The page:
Larger companies in particular are not usually in a position to radically change their central processes; instead, they need a certain amount of lead time.  As a result, many companies first think about automating non-critical processes. Since they do not have a direct reference to the customer, it seems that internal processes are better suited (or less risky) for automation and robotization.
But another interesting option from the viewpoint of Campana & Schott is the robotization of Customer Service Management processes. Service processes feature a reference to the customer, but they do not directly intervene in the value chain. At the same time, they can increase customer satisfaction as customer inquiries are answered quickly and waiting loops are avoided. Many companies have 50 to 100 processes in this area alone, which are well suited for automation the use of chatbots – hence a good starting point overall.


New change management is required

Technology is just half of the story – the other is new change management. The use of bots will be the first noticeable wave in which employees’ task areas are taken over by technologies as part of the digital transformation process. This transformation should not just be managed; rather, we must take an active part in shaping this transformation. Conventional objectives such as “making sure employees are taken along on the journey” or “making sure those affected are notified earlier this time” are not sufficient by a long shot. Internally, new questions must be answered: How are the employees integrated into the conversion process? What digital skills do employees have to acquire in this context? How should employees reduce their routine tasks and instead take on higher-quality tasks, e.g. tasks with a personal customer reference? The question for society: What type of work do these employees want to perform in the future? What type of work are they supposed to perform in the future?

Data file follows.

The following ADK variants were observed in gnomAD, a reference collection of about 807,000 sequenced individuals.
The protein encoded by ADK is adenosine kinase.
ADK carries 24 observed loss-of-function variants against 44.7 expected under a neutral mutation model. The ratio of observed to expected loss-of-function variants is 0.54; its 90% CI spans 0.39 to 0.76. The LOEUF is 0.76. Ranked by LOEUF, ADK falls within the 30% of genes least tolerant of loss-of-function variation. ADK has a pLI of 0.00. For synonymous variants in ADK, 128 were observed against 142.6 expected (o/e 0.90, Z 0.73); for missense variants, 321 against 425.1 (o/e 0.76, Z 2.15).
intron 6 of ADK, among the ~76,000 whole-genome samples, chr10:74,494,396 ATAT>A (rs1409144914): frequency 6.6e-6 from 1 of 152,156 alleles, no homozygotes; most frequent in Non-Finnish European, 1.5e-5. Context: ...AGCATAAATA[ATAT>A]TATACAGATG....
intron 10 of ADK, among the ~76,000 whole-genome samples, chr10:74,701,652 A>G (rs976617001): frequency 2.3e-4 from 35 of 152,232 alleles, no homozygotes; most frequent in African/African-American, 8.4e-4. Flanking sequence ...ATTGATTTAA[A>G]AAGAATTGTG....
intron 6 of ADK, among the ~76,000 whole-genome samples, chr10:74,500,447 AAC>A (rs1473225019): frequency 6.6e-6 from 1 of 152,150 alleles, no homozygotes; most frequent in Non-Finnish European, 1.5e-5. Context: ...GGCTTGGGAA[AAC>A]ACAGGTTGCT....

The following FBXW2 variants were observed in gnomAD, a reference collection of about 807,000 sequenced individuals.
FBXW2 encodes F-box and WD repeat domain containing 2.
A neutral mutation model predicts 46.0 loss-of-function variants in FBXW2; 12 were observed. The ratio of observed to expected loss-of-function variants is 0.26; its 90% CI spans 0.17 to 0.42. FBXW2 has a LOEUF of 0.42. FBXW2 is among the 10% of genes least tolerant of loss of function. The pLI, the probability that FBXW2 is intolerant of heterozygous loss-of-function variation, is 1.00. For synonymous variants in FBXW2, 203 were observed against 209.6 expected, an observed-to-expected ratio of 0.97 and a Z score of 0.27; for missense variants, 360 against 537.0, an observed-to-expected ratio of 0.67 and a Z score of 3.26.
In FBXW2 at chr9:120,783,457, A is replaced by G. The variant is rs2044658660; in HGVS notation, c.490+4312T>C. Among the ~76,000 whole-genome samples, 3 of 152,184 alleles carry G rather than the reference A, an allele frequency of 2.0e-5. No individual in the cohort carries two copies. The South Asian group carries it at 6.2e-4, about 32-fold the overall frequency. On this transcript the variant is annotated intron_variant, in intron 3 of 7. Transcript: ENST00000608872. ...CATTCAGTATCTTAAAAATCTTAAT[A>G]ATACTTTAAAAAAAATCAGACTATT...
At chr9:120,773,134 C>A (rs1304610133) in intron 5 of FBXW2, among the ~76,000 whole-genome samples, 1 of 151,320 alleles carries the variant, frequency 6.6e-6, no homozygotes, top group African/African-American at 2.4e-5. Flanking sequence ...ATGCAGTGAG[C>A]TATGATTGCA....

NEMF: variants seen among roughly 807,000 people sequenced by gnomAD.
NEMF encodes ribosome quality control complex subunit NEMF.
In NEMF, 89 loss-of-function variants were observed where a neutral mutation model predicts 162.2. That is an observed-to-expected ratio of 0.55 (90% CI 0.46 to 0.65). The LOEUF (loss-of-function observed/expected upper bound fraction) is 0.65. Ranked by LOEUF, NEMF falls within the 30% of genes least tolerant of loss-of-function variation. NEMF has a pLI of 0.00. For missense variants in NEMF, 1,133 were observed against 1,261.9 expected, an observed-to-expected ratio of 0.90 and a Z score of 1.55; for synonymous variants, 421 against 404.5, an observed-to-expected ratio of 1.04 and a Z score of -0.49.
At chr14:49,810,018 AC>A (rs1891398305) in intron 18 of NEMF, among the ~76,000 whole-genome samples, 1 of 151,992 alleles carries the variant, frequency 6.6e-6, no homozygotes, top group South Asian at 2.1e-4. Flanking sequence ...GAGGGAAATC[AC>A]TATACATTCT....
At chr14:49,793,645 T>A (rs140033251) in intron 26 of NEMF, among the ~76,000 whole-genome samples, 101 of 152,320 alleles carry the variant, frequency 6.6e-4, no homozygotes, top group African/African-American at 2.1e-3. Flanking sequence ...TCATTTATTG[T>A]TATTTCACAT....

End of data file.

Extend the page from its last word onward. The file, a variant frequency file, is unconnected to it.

Paula at least is not concerned. She is happy that Scotty looks after so many routine tasks, allowing her to focus more on providing advice to her internal customers.